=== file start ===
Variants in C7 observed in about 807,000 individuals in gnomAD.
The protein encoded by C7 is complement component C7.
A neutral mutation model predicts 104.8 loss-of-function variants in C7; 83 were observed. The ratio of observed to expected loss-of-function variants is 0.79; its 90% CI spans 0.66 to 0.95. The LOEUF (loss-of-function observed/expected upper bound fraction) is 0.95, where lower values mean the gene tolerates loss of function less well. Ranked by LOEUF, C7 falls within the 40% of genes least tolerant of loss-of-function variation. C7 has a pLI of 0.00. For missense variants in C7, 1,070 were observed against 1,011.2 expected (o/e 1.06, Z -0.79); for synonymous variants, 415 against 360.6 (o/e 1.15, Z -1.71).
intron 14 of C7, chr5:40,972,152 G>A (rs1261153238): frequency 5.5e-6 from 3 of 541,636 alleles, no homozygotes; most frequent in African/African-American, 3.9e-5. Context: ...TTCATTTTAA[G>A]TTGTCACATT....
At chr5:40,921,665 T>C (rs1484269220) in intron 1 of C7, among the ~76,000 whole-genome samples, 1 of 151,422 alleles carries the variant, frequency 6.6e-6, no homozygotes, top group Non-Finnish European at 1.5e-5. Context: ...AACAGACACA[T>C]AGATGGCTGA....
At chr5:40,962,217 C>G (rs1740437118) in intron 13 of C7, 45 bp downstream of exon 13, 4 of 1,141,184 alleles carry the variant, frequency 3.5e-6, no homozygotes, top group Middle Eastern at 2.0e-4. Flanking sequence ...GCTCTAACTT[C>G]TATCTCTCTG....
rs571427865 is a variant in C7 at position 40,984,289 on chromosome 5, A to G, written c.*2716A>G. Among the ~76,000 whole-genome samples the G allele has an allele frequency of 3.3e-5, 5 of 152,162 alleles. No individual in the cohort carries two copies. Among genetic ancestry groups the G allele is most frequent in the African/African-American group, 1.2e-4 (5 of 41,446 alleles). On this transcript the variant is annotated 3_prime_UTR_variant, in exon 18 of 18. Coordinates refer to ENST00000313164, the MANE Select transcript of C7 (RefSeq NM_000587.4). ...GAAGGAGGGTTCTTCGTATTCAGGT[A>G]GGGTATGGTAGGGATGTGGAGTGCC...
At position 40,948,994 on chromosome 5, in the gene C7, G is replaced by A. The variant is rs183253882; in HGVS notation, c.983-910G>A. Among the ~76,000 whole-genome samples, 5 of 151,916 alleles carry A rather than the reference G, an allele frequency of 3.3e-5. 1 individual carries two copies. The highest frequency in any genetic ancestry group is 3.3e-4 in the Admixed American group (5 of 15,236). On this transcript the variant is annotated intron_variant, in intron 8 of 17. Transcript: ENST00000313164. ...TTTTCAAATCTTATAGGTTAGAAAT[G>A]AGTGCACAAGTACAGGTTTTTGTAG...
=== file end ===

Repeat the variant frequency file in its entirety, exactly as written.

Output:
Variants in C7 observed in about 807,000 individuals in gnomAD.
The protein encoded by C7 is complement component C7.
A neutral mutation model predicts 104.8 loss-of-function variants in C7; 83 were observed. The ratio of observed to expected loss-of-function variants is 0.79; its 90% CI spans 0.66 to 0.95. The LOEUF (loss-of-function observed/expected upper bound fraction) is 0.95, where lower values mean the gene tolerates loss of function less well. Ranked by LOEUF, C7 falls within the 40% of genes least tolerant of loss-of-function variation. C7 has a pLI of 0.00. For missense variants in C7, 1,070 were observed against 1,011.2 expected (o/e 1.06, Z -0.79); for synonymous variants, 415 against 360.6 (o/e 1.15, Z -1.71).
intron 14 of C7, chr5:40,972,152 G>A (rs1261153238): frequency 5.5e-6 from 3 of 541,636 alleles, no homozygotes; most frequent in African/African-American, 3.9e-5. Context: ...TTCATTTTAA[G>A]TTGTCACATT....
At chr5:40,921,665 T>C (rs1484269220) in intron 1 of C7, among the ~76,000 whole-genome samples, 1 of 151,422 alleles carries the variant, frequency 6.6e-6, no homozygotes, top group Non-Finnish European at 1.5e-5. Context: ...AACAGACACA[T>C]AGATGGCTGA....
At chr5:40,962,217 C>G (rs1740437118) in intron 13 of C7, 45 bp downstream of exon 13, 4 of 1,141,184 alleles carry the variant, frequency 3.5e-6, no homozygotes, top group Middle Eastern at 2.0e-4. Flanking sequence ...GCTCTAACTT[C>G]TATCTCTCTG....
rs571427865 is a variant in C7 at position 40,984,289 on chromosome 5, A to G, written c.*2716A>G. Among the ~76,000 whole-genome samples the G allele has an allele frequency of 3.3e-5, 5 of 152,162 alleles. No individual in the cohort carries two copies. Among genetic ancestry groups the G allele is most frequent in the African/African-American group, 1.2e-4 (5 of 41,446 alleles). On this transcript the variant is annotated 3_prime_UTR_variant, in exon 18 of 18. Coordinates refer to ENST00000313164, the MANE Select transcript of C7 (RefSeq NM_000587.4). ...GAAGGAGGGTTCTTCGTATTCAGGT[A>G]GGGTATGGTAGGGATGTGGAGTGCC...
At position 40,948,994 on chromosome 5, in the gene C7, G is replaced by A. The variant is rs183253882; in HGVS notation, c.983-910G>A. Among the ~76,000 whole-genome samples, 5 of 151,916 alleles carry A rather than the reference G, an allele frequency of 3.3e-5. 1 individual carries two copies. The highest frequency in any genetic ancestry group is 3.3e-4 in the Admixed American group (5 of 15,236). On this transcript the variant is annotated intron_variant, in intron 8 of 17. Transcript: ENST00000313164. ...TTTTCAAATCTTATAGGTTAGAAAT[G>A]AGTGCACAAGTACAGGTTTTTGTAG...